Yes to a new park
The council’s Finance Committee tonight agreed in principle to spend $220,000 for a lot to develop a pocket park off Carr Avenue and Broadway and moments later let die a $150,000 offer to purchase commercial property in the Publix center to develop a car wash.
Residents who have been working nearly two years to gather support for the park left happy with the committee’s agreement with property owner David Heeter of Lucerne Boulevard to purchase — at a total cost to the city of no more than $220,000 — Heeter’s lot on “short” Saulter Road just off Carr. The contract details will come back to the Finance Committee for approval before being ratified by the full council. Members Walter Jones, Britt Thames, Vance Moody and Jenifer Champ Wallis voted in favor. Committee member Peter Wright voted no, presumably due to the cost. [In an email provided Monday, Mr. Wright said he voted no because he didn’t think the city should pay a residential price for a lot intended to be used as a park, and because he considered the decision premature, with no specific plans drawn for using the property.]
The property is 175 feet X 145 feet and lies in a flood plain. It was once a daycare, Heeter said. The committee, however, did not snap up an adjacent portion of the “Evans’ property” on Carr Avenue, to which the Alabama Power Company holds an easement. Mr. Heeter said his neighbor would not go along with using the property in front of his house as a parking lot for the park and nearby restaurants, as one councilman suggested.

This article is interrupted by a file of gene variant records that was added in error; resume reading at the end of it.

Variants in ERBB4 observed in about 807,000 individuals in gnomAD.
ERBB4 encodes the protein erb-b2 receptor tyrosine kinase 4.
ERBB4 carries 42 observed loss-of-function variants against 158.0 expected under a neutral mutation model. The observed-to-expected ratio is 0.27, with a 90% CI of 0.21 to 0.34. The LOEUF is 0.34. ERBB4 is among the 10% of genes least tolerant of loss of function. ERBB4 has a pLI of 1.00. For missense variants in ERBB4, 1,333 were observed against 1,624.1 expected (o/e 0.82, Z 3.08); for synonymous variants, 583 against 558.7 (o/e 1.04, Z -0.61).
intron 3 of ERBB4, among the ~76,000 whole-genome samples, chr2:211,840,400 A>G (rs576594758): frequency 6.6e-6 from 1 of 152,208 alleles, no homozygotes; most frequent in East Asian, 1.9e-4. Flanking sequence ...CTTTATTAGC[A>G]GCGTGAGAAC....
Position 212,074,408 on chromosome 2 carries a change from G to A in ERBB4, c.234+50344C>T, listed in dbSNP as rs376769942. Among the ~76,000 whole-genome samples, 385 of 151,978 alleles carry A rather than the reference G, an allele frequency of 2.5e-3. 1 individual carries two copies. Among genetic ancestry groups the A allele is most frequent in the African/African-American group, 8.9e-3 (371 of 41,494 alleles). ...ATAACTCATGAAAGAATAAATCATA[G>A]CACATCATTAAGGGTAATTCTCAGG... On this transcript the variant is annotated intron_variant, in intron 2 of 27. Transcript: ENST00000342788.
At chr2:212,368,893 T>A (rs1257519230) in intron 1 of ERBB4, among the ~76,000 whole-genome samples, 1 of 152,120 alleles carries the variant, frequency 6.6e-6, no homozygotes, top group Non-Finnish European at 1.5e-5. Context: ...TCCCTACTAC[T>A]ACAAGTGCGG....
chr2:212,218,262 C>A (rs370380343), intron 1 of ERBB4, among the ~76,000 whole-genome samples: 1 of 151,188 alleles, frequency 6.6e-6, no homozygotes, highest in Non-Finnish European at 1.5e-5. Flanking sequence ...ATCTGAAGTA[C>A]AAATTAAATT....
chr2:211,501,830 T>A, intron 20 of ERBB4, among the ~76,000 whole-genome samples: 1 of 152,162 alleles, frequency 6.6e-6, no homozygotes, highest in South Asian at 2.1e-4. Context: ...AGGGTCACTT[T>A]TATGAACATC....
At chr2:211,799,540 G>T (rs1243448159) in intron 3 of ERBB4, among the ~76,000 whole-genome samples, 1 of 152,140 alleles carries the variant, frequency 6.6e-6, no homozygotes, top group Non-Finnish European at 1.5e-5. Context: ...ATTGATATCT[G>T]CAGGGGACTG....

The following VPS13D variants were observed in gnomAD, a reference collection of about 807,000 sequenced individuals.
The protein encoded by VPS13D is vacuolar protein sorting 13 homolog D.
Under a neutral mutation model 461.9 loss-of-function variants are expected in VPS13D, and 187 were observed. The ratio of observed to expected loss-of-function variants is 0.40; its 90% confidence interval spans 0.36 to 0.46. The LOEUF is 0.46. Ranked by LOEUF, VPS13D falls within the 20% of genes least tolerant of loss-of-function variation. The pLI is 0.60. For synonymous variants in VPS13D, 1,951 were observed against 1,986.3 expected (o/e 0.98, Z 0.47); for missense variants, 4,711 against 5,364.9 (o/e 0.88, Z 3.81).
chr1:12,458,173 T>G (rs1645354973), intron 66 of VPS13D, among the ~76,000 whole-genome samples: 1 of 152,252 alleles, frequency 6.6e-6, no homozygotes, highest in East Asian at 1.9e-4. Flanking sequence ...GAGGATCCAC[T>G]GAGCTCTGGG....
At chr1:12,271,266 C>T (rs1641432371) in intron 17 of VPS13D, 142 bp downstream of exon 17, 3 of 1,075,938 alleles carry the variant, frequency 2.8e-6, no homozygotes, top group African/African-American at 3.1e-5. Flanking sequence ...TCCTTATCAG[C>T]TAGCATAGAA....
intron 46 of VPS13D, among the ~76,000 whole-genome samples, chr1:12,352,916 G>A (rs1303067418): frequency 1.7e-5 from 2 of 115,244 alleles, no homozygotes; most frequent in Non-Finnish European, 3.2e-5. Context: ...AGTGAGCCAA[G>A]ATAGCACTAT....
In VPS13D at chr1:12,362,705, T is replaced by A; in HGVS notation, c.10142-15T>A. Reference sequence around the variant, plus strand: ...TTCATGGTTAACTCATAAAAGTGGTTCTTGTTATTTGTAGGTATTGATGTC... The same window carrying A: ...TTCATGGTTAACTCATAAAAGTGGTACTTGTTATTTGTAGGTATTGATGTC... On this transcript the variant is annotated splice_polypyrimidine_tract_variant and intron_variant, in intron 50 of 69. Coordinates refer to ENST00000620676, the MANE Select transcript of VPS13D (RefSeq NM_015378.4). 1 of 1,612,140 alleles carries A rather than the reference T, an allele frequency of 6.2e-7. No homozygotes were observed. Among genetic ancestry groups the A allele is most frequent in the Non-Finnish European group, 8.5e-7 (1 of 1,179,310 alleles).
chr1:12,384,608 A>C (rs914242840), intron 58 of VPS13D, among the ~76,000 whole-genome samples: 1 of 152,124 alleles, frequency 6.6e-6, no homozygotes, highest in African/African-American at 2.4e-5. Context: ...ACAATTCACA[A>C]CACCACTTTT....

No, for now, to a car wash
A car wash developer may come back with more money, but for tonight, four committee members rejected his offer of $150,000 for property the city condemned and purchased for $320,000 a dozen years ago. One exception was Ward 2 councilman Vance Moody, who made the motion to accept the purchase, and who made a similar motion at the last committee meeting when the offer was $100,000. Councilman Peter Wright, one of four committee members who declined to second the motion, explained he didn’t support this type of business in the Green Springs renewal district, at least at this price. Those rejecting the deal had their job made easier when the developer said his contract stipulated the city guarantee “ingress and egress” to the property. The city attorney explained that the city was unable to meet that condition as the property lies within the private Publix development.